The following post is from contributing writer Christine of Christine Trevino.
Do you ever feel like you suffer from stillness illness?
I know I do.
Our habit is to live life in a constant state of busyness, which often we don’t like, but have no idea how to change. Work must be done. Children must be taken places. Friends and extended family members must be attended to. So we attempt to live life in this whirlwind of activity that only ramps up the closer we get to the holidays. We’re not just trying to survive life. We’re adding to it. Constantly.
They are all good things, mind you. Who doesn’t want to participate in the office party, the school function, and all the things the Church does? But the level of stress continues to rise the closer and closer we get to December 25 as we attempt to keep our Pinterest faces on to cover up our spent hearts.
It doesn’t have to be this way.
What if we tried to go the other direction? What if we attempted to slow down when everything around us is ramping up? What if we said “no” when we feel so absolutely compelled to say “yes?”
I think it might be possible to experience Christmas differently this year, and come away richer because of it.
Luke recounts a story from Jesus’ life where he’s visiting with some friends. The sisters of Lazarus (the host), Martha and Mary, obviously have much to do to prepare for Jesus and His guests. Martha finds herself busy in the kitchen doing all the things that need to be done for a nice first century party, while Mary sits at Jesus’ feet listening.
Martha is understandably upset (this girl is someone I can fully relate to), her frustration rising each moment Mary continues to shirk away from her responsibilities.
Jesus, there are cookies to bake and presents to wrap and we have like seven other functions to attend just this week. PLEASE tell Mary to get her rear in gear and help me out here!
But Jesus doesn’t buy into Martha’s busyness.
“The Lord said to her, “My dear Martha, you are worried and upset over all these details! There is only one thing worth being concerned about. Mary has discovered it, and it will not be taken away from her.”
Luke 10:41-42 (NLT)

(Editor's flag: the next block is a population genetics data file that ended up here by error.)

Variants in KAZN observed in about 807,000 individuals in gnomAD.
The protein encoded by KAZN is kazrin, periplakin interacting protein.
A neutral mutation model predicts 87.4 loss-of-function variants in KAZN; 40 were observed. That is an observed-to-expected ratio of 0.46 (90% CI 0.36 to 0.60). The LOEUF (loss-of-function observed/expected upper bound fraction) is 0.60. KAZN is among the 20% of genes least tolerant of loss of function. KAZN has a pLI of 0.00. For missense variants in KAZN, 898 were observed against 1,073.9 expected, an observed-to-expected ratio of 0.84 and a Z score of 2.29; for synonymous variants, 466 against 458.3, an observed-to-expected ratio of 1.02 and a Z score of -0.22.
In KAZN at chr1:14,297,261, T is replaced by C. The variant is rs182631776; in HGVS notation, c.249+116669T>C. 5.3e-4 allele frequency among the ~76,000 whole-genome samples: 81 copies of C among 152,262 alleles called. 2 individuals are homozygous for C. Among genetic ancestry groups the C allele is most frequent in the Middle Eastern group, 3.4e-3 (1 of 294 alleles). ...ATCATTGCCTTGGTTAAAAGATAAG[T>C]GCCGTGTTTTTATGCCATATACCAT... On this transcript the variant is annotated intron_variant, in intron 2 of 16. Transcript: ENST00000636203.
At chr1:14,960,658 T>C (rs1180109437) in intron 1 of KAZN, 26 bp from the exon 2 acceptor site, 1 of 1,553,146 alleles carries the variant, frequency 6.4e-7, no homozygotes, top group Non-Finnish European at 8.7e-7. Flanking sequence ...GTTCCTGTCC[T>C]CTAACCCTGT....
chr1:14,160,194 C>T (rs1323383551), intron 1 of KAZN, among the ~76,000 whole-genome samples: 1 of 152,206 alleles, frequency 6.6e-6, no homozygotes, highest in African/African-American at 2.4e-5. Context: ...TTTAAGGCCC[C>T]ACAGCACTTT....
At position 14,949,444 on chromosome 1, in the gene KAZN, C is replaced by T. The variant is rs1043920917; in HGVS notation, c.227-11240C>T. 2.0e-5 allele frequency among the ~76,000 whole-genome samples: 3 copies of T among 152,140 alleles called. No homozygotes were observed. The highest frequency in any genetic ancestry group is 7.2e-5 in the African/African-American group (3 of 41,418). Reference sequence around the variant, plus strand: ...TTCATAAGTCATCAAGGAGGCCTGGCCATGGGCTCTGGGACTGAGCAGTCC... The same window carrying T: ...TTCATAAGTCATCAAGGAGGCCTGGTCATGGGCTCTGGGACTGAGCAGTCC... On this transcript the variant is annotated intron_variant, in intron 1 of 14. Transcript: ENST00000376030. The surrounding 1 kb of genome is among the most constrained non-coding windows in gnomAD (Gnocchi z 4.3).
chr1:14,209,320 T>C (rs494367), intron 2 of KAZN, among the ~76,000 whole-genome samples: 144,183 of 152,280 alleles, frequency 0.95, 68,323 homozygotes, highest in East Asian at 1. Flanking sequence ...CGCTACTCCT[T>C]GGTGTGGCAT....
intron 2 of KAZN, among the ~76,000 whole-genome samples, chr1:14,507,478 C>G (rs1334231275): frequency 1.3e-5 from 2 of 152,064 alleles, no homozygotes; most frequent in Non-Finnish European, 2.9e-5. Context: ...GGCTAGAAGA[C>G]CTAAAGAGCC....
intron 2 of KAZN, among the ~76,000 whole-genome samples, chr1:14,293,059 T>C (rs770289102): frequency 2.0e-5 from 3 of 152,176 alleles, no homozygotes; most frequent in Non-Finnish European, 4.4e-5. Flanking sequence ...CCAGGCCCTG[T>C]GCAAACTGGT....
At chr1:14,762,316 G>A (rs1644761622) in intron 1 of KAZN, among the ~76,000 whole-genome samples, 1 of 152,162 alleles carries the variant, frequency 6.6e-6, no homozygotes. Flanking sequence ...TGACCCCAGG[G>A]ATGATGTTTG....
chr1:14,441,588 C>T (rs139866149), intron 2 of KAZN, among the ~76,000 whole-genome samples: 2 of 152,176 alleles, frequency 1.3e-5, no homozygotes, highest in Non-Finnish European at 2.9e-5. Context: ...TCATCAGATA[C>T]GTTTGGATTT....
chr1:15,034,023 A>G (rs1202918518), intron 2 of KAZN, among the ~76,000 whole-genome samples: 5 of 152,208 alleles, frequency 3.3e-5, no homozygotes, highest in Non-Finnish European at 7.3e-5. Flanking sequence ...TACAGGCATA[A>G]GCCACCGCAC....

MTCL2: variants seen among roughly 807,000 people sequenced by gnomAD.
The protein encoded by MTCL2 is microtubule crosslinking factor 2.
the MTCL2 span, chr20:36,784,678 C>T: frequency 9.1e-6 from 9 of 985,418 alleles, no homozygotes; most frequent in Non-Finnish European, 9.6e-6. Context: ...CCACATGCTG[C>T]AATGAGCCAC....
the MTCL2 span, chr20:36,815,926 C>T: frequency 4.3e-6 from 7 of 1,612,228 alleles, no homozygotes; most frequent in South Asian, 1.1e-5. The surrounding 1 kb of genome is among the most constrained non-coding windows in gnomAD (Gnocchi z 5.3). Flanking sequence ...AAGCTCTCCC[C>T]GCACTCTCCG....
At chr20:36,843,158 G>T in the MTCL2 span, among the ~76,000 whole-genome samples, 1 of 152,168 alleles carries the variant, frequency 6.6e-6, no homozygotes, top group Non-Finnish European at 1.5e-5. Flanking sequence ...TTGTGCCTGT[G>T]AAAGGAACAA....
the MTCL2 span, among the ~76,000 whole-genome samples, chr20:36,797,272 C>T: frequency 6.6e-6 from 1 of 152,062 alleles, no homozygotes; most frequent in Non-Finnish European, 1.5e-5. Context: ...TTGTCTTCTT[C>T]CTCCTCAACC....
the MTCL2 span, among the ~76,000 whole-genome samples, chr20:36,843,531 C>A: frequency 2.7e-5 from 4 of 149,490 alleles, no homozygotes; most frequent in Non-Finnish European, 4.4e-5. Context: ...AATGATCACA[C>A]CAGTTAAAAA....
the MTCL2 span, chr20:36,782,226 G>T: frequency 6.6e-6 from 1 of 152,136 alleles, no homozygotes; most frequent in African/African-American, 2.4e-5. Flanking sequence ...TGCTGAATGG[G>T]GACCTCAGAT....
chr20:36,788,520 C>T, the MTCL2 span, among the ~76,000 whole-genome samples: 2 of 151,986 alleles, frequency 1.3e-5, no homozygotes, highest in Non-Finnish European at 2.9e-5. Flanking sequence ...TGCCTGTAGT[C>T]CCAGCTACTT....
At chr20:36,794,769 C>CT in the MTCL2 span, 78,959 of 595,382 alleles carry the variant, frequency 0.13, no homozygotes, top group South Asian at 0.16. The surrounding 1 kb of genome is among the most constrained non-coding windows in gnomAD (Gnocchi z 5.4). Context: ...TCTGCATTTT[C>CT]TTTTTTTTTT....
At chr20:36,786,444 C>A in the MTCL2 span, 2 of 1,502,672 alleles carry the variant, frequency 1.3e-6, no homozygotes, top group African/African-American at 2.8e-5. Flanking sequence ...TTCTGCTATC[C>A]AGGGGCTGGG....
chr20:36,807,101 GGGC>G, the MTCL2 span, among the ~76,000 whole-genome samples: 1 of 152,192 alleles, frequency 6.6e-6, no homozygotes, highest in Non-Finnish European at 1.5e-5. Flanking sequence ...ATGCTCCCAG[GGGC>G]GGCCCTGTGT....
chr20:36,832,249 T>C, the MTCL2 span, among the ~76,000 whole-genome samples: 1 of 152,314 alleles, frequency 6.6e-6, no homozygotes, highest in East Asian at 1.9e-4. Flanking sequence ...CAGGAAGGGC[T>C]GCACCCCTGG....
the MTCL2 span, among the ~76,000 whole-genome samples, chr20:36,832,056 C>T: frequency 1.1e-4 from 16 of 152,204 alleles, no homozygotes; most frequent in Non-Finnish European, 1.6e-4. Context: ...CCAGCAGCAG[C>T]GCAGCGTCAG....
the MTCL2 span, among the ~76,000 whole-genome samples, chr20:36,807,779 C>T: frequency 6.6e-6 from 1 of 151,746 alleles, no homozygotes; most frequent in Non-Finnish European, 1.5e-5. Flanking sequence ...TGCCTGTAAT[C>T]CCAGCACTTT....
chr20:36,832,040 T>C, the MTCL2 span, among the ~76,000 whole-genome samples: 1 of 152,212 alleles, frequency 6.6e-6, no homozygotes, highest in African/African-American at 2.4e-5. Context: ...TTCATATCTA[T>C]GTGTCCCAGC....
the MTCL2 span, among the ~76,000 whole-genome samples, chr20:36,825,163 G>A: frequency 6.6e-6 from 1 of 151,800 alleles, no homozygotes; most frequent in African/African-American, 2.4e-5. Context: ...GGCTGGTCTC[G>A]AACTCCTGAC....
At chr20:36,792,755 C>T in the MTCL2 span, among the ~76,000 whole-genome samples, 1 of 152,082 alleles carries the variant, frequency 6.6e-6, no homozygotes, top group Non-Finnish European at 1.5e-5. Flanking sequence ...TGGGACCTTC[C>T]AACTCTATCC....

I’d love to paraphrase His message to us today:
Martha/Christine/Real Life at Home Reader –
Stop rushing. Stop being busy. Stop trying to do everything for everyone, and just take a minute to remember me. This season you’re gearing up to celebrate? It’s not really about presents and parties and trying to do all the holiday things you feel like you’re supposed to. It’s not really about having a great time with your family. It’s definitely not about swirling around the demands of the calendar.
Christmas is about peace – the peace I came to bring to the world as a child in the manger. The peace that makes you right before the Father. Let that peace invade your heart. Let it quiet your soul. Let it stir something different in you this year. Let Me be the best thing about this Christmas and everything else will fall into place.
I think most of us hear this type of invitation and echo an immediate YES to this kind of Christmas. We know our lives are too busy and the promise of rest, of peace, is something we desperately want. But how do we stop our stillness illness? How do we practically plan to experience Christmas differently this year?
I’d like to leave you with three suggestions as we look ahead toward the holidays.
-1- Commit to a different kind of Christmas NOW.
Take a few minutes in the coming days to think about what you want Christmas to look like this year. Plan for the blank space like you would anything else jockeying for position in your life. Mark it in ink and commit to protecting it. Prioritize your time, energy, and finances and then realistically assess the non-negotiables of your life before you make any additional Christmas plans.
-2- Intentionally say “no” so you can intentionally say “yes.”
Christmas is absolutely a season filled with very good things, but as Volatire said, good is often the enemy of the best. Remember that every time you say no to something you are actually saying yes to something else (and vice versa). Make every no and yes a reflection of what’s most important to you this season.
-3- Consider how you might make Advent personal this year.
For some, Advent never makes it into the Christmas equation. For others, it’s only a religious event wrapped in Church tradition. Consider how you might use the season of Advent as a tool to connect personally to the Christ of Christmas, to reflect, and to consider what really matters this season.
Christmas was never intended to take the life out of you, but instead through Jesus, to give you life to the full.
Praying this is the kind of Christmas you experience this year.
Experience Christmas is the response to my own stillness illness. I get wrapped up in the holidays and have often arrived at Christmas celebrations on the 25th haggled by the crazy of the season, worn down, spent, and emptied of the very reason I celebrate in the first place.
Writing this devotional helped reconnect me to the Child in the manger in an incredible way. It’s helped me inch away from the busy-ness of Martha to embrace the stillness of Mary.
I hope it might do the same for you.
About the Book
Experience Christmas: Preparing Your Heart for the Manger Through the Stories and Songs of the Season is a daily Advent devotional formatted to engage the reader through Scripture, song, reflection, and prayer. Formatted for both individual or group study, Experience Christmas is an incredible tool for both believer and seeker to engage the Biblical narrative in a new way this Christmas.
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